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Fri 3 Dec 2010 12:23 PM

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World Cups go to risky options as Russia, Qatar picked to host

They were only nations that did not get an overall low risk rating from FIFA’s technical assessment team

World Cups go to risky options as Russia, Qatar picked to host
World’s fastest growing economy plans to build nine stadiums and refurbish three others and construct a rail and metro network for the tournament

Soccer’s governing body chose the risky options to host the World Cup in 2018 and 2022, picking Russia and Qatar as it tries to expand the sport in emerging markets.

FIFA selected the pair during a secret vote yesterday in Zurich. They were the only nations out of nine candidates that didn’t get an overall “low risk” rating from FIFA’s technical assessment team. The Gulf state was the sole “high risk” bid, with Russia the lone “medium risk” candidate.

The decision means that the world’s most watched sporting event will be in developing nations four times in a row. South Africa held the World Cup this year, and Brazil is preparing for the 2014 tournament. Russia, which will be the first Eastern European host, beat England and joint bids from Portugal Spain and the Netherlands Belgium for 2018. Qatar’s victory over the US, Japan, South Korea and Australia moves the event to the Middle East for the first time four years later.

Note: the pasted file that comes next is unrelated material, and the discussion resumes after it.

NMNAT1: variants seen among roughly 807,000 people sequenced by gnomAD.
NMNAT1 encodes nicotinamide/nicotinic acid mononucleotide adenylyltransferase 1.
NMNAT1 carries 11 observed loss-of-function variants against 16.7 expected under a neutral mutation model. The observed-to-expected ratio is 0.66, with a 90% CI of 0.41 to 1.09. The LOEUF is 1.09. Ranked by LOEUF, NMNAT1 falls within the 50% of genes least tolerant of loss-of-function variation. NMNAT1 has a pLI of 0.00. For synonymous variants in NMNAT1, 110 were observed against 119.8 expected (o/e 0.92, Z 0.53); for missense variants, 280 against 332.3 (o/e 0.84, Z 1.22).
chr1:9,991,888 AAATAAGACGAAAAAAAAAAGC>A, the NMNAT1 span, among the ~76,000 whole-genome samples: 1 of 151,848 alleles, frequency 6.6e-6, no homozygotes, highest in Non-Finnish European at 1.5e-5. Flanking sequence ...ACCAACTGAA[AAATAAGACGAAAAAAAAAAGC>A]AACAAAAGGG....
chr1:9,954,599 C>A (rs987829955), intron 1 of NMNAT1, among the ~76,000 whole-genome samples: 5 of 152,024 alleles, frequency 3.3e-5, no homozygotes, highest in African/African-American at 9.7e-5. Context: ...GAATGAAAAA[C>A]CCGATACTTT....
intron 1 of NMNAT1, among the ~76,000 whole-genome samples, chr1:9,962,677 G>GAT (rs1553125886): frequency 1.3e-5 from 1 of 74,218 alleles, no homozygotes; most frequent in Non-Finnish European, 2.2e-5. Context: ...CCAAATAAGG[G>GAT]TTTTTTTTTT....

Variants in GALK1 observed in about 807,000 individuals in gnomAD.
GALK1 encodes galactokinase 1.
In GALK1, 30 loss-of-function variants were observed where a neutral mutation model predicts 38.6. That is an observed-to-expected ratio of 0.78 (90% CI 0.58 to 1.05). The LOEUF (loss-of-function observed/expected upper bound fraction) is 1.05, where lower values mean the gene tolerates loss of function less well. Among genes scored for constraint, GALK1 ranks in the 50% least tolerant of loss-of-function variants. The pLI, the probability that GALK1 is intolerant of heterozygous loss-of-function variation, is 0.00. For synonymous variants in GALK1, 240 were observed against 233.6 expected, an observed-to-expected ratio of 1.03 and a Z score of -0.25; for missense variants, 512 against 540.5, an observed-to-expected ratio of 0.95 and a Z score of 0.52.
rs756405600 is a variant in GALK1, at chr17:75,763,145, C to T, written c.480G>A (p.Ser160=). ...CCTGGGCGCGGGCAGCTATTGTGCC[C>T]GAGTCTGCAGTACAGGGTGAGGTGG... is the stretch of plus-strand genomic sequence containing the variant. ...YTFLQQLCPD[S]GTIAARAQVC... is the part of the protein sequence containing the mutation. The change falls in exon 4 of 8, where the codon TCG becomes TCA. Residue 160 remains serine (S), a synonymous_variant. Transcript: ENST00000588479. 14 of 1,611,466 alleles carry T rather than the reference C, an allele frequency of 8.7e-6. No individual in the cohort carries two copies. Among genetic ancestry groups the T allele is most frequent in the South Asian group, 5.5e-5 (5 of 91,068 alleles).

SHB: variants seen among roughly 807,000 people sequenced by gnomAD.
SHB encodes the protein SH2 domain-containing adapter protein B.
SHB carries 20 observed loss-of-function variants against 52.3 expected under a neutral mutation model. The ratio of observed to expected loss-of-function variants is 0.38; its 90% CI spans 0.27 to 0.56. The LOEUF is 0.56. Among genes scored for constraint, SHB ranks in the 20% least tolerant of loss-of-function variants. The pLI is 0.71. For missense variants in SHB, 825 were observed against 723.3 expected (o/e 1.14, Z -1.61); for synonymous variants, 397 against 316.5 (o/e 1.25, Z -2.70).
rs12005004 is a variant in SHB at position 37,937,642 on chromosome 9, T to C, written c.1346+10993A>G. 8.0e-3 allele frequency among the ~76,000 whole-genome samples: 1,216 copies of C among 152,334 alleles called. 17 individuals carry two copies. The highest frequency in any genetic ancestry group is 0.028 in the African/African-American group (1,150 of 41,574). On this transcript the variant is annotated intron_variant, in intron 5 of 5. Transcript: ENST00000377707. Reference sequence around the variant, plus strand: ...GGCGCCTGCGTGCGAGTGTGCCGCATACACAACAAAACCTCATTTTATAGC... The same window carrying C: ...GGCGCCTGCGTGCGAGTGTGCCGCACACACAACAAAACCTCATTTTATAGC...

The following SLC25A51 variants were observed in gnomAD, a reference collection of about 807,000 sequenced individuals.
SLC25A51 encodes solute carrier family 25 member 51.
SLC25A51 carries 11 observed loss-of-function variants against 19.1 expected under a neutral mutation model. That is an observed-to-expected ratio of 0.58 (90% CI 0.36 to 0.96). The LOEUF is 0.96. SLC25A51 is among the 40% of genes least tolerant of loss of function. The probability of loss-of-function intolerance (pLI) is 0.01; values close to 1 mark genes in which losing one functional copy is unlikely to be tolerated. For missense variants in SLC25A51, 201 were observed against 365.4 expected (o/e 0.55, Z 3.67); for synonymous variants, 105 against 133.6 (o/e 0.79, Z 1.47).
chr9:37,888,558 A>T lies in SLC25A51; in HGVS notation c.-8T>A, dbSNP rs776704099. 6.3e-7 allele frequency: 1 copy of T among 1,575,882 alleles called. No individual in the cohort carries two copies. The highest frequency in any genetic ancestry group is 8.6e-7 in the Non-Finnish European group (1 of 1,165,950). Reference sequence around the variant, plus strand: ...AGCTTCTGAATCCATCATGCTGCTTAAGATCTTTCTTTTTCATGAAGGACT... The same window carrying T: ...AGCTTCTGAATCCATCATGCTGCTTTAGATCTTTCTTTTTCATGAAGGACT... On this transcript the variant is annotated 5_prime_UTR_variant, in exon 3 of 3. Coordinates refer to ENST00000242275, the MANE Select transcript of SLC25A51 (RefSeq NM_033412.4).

“I can say FIFA opens to new worlds, I cannot be unhappy with that,” said Michel D’Hooghe, a Belgian member of the executive committee who didn’t reveal who he voted for. “That’s the decision of a democratic majority and everybody has to respect that.”

Hosting the tournament is worth about $5 billion, according to US estimates.

Russia had to overcome operational concerns over its airports and international connections, which are rated as high risk. The country still has to build 13 of the 16 proposed stadiums. Qatar will build nine of its 12 stadiums, and air condition them all to deal with temperatures of 46 degrees centigrade (115 degrees Fahrenheit).

“The balance of power is shifting, and FIFA wants to be on the right side of history,” said Stefan Szymanski, a professor at Cass Business School in London. “When FIFA gives the World Cup to young, emerging markets, much of the world thinks that sounds like a good idea.”

It was the second time in a year that the US failed to land one of the world’s biggest sports events. The American bid for the 2016 Olympics was eliminated in the first round of voting by the International Olympic Committee, which picked Rio de Janiero.

The Russian victory gives Prime Minister Vladimir Putin his third success in attracting global sports events to boost the economy and rebuild the country’s image as an athletic superpower. He’s already delivered the 2014 Winter Olympics and a Formula 1 Grand Prix car race starting in 2014.

Putin didn’t attend yesterday’s ceremony, and flew to Zurich to meet with FIFA President Sepp Blatter after the vote.

Putin told: “A lot of stereotypes are rooted from the Cold War era and fly all over Europe and they frighten Europe.  The reality is different, you will come to Russia, you will see how we prepare for the World Cup, you will visit cities, go to matches, communicate with people, you will have a better perception of the country.”

As with South Africa, the award will probably improve sentiment about the winning nations and boost the construction, steel, cement and tourism industries, Troika Dialog Chief Strategist Kingsmill Bond said in a emailed note.

Bondy said: “The Russian market is coming in from the cold. This victory both symbolizes and is likely to reinforce this trend.”

Russia’s bid includes construction of 13 stadiums and renovation of three more at a projected cost of $3.8 billion. Russia committed to make “major upgrades and capacity increases” at most airports serving the proposed host cities.